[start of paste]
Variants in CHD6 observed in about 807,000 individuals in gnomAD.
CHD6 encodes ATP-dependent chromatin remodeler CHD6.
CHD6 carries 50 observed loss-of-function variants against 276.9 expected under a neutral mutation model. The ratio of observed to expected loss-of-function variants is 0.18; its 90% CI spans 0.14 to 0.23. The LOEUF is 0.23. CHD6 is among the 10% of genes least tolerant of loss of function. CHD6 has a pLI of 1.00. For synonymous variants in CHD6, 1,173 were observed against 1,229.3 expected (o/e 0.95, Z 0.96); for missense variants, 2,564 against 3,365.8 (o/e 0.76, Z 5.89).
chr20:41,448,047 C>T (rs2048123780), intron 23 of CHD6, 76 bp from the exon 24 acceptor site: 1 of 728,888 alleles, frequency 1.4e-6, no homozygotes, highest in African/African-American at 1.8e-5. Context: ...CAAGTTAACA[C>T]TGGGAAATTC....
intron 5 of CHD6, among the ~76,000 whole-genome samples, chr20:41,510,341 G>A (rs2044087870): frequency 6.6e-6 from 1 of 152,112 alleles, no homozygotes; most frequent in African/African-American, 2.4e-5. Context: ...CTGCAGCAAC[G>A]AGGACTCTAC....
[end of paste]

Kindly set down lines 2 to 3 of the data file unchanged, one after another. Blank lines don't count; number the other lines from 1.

CHD6 encodes ATP-dependent chromatin remodeler CHD6.
CHD6 carries 50 observed loss-of-function variants against 276.9 expected under a neutral mutation model. The ratio of observed to expected loss-of-function variants is 0.18; its 90% CI spans 0.14 to 0.23. The LOEUF is 0.23. CHD6 is among the 10% of genes least tolerant of loss of function. CHD6 has a pLI of 1.00. For synonymous variants in CHD6, 1,173 were observed against 1,229.3 expected (o/e 0.95, Z 0.96); for missense variants, 2,564 against 3,365.8 (o/e 0.76, Z 5.89).